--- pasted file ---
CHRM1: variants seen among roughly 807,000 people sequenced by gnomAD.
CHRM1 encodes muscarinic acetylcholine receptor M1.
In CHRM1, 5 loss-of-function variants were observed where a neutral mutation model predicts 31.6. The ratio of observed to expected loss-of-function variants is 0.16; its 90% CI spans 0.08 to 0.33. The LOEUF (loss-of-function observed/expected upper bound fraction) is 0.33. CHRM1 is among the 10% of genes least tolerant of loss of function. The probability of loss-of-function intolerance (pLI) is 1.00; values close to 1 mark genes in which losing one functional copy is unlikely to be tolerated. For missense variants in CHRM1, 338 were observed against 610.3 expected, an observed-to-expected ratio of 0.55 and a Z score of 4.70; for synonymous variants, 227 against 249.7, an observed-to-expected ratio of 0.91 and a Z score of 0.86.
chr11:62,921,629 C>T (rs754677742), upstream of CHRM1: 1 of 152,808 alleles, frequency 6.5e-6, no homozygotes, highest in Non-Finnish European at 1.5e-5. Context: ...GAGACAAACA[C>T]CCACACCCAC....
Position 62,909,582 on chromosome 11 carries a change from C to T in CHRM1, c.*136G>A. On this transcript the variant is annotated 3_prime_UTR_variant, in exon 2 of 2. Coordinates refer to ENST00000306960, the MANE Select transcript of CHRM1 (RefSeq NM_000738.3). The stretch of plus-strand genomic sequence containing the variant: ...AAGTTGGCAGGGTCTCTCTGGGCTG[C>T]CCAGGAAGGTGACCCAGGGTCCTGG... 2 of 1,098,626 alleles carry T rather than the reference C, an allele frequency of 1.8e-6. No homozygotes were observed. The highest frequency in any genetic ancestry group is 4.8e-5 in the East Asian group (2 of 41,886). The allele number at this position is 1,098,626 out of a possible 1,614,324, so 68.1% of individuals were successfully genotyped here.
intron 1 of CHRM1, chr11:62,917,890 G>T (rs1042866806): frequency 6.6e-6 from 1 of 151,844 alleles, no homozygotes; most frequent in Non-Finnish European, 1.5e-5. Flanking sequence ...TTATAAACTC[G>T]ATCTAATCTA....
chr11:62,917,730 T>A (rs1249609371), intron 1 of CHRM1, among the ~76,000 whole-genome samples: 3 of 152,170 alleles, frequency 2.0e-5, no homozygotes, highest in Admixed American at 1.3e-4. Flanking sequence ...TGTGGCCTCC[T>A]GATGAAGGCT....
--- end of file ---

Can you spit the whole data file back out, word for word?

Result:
CHRM1: variants seen among roughly 807,000 people sequenced by gnomAD.
CHRM1 encodes muscarinic acetylcholine receptor M1.
In CHRM1, 5 loss-of-function variants were observed where a neutral mutation model predicts 31.6. The ratio of observed to expected loss-of-function variants is 0.16; its 90% CI spans 0.08 to 0.33. The LOEUF (loss-of-function observed/expected upper bound fraction) is 0.33. CHRM1 is among the 10% of genes least tolerant of loss of function. The probability of loss-of-function intolerance (pLI) is 1.00; values close to 1 mark genes in which losing one functional copy is unlikely to be tolerated. For missense variants in CHRM1, 338 were observed against 610.3 expected, an observed-to-expected ratio of 0.55 and a Z score of 4.70; for synonymous variants, 227 against 249.7, an observed-to-expected ratio of 0.91 and a Z score of 0.86.
chr11:62,921,629 C>T (rs754677742), upstream of CHRM1: 1 of 152,808 alleles, frequency 6.5e-6, no homozygotes, highest in Non-Finnish European at 1.5e-5. Context: ...GAGACAAACA[C>T]CCACACCCAC....
Position 62,909,582 on chromosome 11 carries a change from C to T in CHRM1, c.*136G>A. On this transcript the variant is annotated 3_prime_UTR_variant, in exon 2 of 2. Coordinates refer to ENST00000306960, the MANE Select transcript of CHRM1 (RefSeq NM_000738.3). The stretch of plus-strand genomic sequence containing the variant: ...AAGTTGGCAGGGTCTCTCTGGGCTG[C>T]CCAGGAAGGTGACCCAGGGTCCTGG... 2 of 1,098,626 alleles carry T rather than the reference C, an allele frequency of 1.8e-6. No homozygotes were observed. The highest frequency in any genetic ancestry group is 4.8e-5 in the East Asian group (2 of 41,886). The allele number at this position is 1,098,626 out of a possible 1,614,324, so 68.1% of individuals were successfully genotyped here.
intron 1 of CHRM1, chr11:62,917,890 G>T (rs1042866806): frequency 6.6e-6 from 1 of 151,844 alleles, no homozygotes; most frequent in Non-Finnish European, 1.5e-5. Flanking sequence ...TTATAAACTC[G>T]ATCTAATCTA....
chr11:62,917,730 T>A (rs1249609371), intron 1 of CHRM1, among the ~76,000 whole-genome samples: 3 of 152,170 alleles, frequency 2.0e-5, no homozygotes, highest in Admixed American at 1.3e-4. Flanking sequence ...TGTGGCCTCC[T>A]GATGAAGGCT....